The Guðmundsdóttir Summoning

It is rather timely to have popped the witch’s hat on again just weeks before the term ‘witch’ once again entered the Australian political vocabulary (Remember ‘Ditch the Witch’? Never forget. Never, ever forget.). Immigration Minister, Peter Dutton this week referred to political editor, Samantha Maiden as a ‘mad fucking witch’ in a text he mistakenly sent directly to her and in reference to her column criticising his colleague, Jamie Briggs (for whom the message had been intended) regarding the sexual harrassment of a younger female colleague.

My general disgust with Australian politics and a feeling of immense powerlessness to enact change through the conventional democratic means has been one driver behind some of the more esoteric explorations I have made as an artist. How else can I affect change? What tools are available to me? Magick seems as legitimate a possibility to me as the machinations of the Australian political system right now. I’m as agnostic about one as  I am about the other.

My disgust has been strengthened and validated by both Dutton’s words and Briggs behaviour and a general failure in Australian politics and media to comprehend why it is not OK to brush off either incident as a misplaced joke or high spirits. It’s also done nothing but strengthen my position that it is not OK for Australia to be run largely by a club of rich, white fellows big on handshakes and personal networks and short on empathy and, most importantly, that we must endeavour to do something about that.

It’s no surprise to me that Australian women, at least online, have responded with a great embrace of the terminology. A Facebook page ‘Mad Fucking Witches’ has received in excess of four thousand ‘likes’ since it’s inception 2 days ago and there is a grand movement to #putyourbroomout around the front doors and gates of the nation (extra points for getting a black cat in the photographic evidence). With it’s history of being applied to women perceived as wielding unknown power and working outside societal conventions, I believe the term ‘witch’ is a badge to wear with pride. This is despite (or inversely, in celebration of) it having become Australian political shorthand for ‘woman we can’t control’. It’s use is intended to generate fear and to undermine the subject, but judging by the way women are responding, they have got it so wrong, at least for roughly half the population. I for one, will be looking for the ‘witches’ and following their lead. They must be doing something very right by my ethical compass to have earned that title.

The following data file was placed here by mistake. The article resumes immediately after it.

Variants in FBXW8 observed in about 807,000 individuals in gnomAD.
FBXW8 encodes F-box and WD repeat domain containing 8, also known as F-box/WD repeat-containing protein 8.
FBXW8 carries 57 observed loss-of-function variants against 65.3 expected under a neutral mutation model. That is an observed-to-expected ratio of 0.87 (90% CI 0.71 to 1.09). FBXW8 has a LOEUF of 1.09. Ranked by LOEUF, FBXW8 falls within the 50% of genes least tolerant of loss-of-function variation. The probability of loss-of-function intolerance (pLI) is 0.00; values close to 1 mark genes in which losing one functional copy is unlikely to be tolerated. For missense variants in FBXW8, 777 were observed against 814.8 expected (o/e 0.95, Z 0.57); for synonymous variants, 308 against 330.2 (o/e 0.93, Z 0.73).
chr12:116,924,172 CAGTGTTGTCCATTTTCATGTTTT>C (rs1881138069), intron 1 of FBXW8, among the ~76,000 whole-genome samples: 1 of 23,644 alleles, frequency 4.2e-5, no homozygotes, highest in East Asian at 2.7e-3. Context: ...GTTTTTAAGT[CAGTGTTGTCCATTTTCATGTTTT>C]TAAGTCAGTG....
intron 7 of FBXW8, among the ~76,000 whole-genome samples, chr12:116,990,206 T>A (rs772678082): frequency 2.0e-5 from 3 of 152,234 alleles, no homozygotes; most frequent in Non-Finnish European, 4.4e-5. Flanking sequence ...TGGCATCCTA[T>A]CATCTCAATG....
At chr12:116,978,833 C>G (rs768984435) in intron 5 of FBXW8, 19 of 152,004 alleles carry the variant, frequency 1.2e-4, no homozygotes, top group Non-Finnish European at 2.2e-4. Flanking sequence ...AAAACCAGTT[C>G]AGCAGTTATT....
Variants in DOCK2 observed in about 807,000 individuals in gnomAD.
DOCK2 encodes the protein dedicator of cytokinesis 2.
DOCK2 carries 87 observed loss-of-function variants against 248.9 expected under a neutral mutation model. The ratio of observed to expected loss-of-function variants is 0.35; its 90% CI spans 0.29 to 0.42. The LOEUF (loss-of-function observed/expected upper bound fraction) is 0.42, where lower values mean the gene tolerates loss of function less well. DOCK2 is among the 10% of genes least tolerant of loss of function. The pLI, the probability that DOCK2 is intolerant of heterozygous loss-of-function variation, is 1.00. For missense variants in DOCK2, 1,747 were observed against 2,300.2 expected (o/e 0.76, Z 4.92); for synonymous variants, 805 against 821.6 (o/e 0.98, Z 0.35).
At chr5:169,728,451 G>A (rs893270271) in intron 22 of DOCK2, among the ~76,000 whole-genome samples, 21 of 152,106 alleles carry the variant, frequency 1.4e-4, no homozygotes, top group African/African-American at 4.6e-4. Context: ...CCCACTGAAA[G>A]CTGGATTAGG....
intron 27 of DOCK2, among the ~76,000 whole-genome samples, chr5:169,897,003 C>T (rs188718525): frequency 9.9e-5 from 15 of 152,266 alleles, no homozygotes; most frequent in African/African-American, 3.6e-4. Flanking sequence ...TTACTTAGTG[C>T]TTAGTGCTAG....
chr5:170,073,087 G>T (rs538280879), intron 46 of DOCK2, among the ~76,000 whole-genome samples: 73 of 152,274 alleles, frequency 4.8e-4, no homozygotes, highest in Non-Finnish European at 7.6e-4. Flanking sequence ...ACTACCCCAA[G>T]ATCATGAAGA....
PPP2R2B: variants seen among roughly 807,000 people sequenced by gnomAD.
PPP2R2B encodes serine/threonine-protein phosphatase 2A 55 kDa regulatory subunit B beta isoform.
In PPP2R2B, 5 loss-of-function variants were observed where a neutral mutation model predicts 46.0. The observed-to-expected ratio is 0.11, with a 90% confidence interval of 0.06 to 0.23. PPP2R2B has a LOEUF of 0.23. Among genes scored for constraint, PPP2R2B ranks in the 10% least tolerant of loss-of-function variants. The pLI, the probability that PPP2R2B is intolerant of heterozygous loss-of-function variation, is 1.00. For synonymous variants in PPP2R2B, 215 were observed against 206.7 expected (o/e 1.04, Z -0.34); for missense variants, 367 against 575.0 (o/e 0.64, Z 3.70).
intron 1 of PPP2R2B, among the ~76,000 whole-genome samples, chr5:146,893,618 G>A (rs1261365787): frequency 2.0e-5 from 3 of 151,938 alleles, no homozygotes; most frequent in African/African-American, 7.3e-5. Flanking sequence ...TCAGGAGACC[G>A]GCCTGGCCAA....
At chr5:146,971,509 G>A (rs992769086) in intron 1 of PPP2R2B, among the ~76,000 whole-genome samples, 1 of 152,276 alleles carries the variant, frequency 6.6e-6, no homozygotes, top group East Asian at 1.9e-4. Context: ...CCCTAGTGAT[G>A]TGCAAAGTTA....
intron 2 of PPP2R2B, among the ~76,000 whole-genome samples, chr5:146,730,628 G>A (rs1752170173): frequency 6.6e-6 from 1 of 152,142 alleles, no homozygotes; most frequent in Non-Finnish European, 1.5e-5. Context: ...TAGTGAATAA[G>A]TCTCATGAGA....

But in December, before all this occurred, I put on the hat for The Guðmundsdóttir Summoning, which has been a very agnostic but equally optimistic experiment in magick to summon performer/singer/songwriter/instrumentalist Björk to Tasmania.

The work came about as I was revisiting The Golden Bough and thinking about occultism and how/if it figures into the animations I make. When I dipped into a passage on sympathetic magick, I began to think it was an apt description for the purpose and process of my animations, but I had never thought of them as this quite so boldly before.

I began to entertain thoughts of ‘testing’ the effects of more deliberate, purposeful magick. While I chewed over worldy concerns I felt desperate to affect (asylum seekers in detention and a change of government figured largely) as the subject of such an experiment, I began to feel that it would be irresponsible to attempt L-plater spellcraft around anything too critical and so wound back to a more selfish and flippant desire – to have Björk come and perform in Tasmania. It was important to me, as an entirely novice witch, for the intent to be not beyond the realms of possibility and thanks to David Walsh, MONA and the MOFO festivals I believe this to be true.

So – I opened up a little magick workshop in the Plimsoll Gallery as a part of the exhibition, Gratis curated by Sam Johnstone.